As a dad who enjoys playing ttrpgs, I’ve always hoped to one day play rpg games with my kids, but never quite knew where to start, especially since many published games have suggested ages of 4 or 5. However, I thought there could be ways to start to introduce the concepts before sitting down to a formal game.
So, a couple of months before my older son’s 4th birthday, I started telling him a story. And I started asking him what the characters should do, and what comes next. After a few minutes of the story, when I’d normally end the story as it was time for bed, I instead told him that we’d have to find out what happened the next time. After a few nights of this, my son wasn’t just asking for a story at bedtime, he started asking, “Could we tell part of the knight story?”
Eventually, I also had the idea to draw pictures of some of the characters. I folded up a piece of paper into eight rectangles, and I started drawing. First of course was brave Sir Knight, aka “Sir Knight was on his Pite,” the hero of our story. Then I drew more characters, including some characters we hadn’t met yet. I didn’t fill up all of the rectangles at first, but drew more over the next day or two as I thought of more to add, and my son added a character we hadn’t met yet as well, and elephant named Blowey. The unmet characters added some extra excitement, especially as we got closer to meeting the whole roster.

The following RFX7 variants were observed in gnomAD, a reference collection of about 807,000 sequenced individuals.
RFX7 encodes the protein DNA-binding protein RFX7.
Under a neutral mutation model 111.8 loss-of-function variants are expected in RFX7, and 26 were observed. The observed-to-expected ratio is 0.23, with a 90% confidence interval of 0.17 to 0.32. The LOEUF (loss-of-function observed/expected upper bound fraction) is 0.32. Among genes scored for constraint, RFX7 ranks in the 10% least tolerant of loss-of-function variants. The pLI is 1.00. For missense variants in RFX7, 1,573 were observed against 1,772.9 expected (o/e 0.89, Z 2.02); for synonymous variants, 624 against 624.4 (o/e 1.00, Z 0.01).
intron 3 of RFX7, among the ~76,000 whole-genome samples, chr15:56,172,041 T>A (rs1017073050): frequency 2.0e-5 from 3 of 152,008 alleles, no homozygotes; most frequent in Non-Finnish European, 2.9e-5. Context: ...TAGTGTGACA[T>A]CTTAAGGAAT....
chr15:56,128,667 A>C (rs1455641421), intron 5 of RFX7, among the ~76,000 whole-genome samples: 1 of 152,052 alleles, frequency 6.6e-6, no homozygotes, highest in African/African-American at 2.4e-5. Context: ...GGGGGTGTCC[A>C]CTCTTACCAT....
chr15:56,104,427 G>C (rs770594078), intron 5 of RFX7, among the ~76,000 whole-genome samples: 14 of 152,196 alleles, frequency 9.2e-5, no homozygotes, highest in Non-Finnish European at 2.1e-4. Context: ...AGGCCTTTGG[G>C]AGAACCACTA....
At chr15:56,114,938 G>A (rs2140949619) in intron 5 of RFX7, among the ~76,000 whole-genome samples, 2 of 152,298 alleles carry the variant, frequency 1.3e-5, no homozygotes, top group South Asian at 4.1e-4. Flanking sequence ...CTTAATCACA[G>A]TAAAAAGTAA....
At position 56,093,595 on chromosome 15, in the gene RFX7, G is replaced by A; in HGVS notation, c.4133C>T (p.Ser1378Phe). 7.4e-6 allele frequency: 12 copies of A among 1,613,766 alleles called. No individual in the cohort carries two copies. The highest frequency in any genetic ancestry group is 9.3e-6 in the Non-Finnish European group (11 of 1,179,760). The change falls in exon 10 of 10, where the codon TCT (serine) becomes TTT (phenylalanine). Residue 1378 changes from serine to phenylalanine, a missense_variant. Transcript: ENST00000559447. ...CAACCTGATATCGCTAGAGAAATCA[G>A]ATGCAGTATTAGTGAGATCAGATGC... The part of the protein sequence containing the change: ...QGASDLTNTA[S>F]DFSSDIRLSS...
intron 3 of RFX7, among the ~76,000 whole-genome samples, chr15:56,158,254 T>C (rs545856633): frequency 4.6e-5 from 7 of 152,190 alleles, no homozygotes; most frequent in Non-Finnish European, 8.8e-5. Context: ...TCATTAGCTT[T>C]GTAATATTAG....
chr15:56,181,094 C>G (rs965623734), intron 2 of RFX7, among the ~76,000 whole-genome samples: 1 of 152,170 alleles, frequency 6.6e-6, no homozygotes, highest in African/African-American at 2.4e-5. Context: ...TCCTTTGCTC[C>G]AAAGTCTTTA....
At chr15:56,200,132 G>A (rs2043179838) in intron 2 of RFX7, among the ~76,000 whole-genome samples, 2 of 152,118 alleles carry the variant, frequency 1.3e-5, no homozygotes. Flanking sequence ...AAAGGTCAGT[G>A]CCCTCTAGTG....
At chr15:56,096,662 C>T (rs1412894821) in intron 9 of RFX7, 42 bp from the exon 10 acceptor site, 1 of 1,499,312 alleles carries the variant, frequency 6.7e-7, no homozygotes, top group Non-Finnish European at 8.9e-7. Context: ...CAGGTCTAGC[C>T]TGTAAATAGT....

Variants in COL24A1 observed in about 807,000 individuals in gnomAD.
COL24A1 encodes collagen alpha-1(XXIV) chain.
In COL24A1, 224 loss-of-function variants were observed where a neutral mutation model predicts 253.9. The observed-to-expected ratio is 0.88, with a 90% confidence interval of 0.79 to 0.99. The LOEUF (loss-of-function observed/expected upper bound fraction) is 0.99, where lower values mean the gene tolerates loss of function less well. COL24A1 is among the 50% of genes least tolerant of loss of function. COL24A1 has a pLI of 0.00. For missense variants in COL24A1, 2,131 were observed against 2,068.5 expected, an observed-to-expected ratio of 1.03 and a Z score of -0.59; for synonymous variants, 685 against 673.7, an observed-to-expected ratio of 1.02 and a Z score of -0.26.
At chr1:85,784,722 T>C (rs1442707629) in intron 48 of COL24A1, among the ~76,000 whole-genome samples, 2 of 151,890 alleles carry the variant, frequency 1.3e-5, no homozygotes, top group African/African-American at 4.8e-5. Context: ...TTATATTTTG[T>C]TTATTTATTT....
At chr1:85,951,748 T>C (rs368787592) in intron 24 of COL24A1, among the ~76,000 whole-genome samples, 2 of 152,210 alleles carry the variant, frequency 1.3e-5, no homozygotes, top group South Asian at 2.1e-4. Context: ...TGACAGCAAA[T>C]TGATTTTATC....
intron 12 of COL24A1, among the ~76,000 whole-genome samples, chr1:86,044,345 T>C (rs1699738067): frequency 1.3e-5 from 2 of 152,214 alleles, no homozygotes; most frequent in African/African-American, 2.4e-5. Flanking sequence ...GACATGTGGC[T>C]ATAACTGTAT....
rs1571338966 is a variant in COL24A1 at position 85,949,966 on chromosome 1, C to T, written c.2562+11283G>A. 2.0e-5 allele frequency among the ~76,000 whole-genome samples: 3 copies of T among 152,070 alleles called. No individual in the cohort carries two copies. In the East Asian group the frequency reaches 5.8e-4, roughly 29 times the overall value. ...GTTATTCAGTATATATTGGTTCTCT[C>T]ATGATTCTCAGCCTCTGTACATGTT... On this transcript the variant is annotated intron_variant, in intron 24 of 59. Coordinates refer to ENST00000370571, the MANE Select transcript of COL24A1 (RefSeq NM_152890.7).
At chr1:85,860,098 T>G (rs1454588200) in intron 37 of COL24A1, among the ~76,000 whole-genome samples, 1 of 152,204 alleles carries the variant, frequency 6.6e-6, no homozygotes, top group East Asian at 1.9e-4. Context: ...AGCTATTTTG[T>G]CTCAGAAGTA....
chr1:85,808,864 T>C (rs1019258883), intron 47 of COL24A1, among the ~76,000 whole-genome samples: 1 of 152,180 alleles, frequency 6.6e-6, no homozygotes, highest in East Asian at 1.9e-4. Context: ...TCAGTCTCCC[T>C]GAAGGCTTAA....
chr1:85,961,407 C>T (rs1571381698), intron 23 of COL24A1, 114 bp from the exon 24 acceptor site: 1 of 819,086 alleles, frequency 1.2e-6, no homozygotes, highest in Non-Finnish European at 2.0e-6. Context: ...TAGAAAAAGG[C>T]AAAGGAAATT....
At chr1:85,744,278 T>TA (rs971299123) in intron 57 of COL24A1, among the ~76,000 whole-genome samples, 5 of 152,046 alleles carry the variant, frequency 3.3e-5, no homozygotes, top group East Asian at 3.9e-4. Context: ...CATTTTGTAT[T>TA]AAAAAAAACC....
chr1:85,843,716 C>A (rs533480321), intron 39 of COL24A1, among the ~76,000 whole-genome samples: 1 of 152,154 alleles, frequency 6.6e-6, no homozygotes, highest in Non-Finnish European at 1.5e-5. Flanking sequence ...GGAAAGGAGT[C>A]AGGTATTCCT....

The “Knight Story” eventually reached a satisfactory conclusion as Sir Knight completed his quest, though of course left open for Sir Knight and his friends to have more adventures. And indeed, after a few “one shot” stories, Mr. Nettlebottom started his own adventure, and my son eagerly asks to continue the “Knight Story, I mean, Elf Story.”
Since I began the “Knight Story,” I’ve discovered the StoryGuider ttrpg, which takes some of the stuff I’d been doing and adds some more structure. Before our next story (my son has requested Princess Elma get her own story next) I want to try to ask some of these questions ahead of time. I love how we’ve been telling the story so far, but I want to make sure I remember to give my son plenty of inflection points to make decisions so I don’t end up hogging the story telling! You can find some StoryGuider products here: https://ttrpgkids.itch.io/
I wanted to chronicle the rough course of the Knight Story, mainly so I can remember some of the finer points, because my son has a much better memory for it than me. As an example, I once mentioned that Mr. Nettlebottom was good with animals, and days later my son suggested that he solve a task by working with animals, because he’s good with them, just like I said! So, without further ado…
The Knight Story
The quest started when Sir Knight met a wizard who wore grey robes with a gold sun on them, and she told him where he could find a treasure. He took the treasure back to his castle but went to look for the wizard again, and she was gone. He wanted the wise wizard to tell him where he could find some friends. He did meet an elf named Mr. Nettlebottom, who thought that the best place to look for a wizard would be the nearby mountain.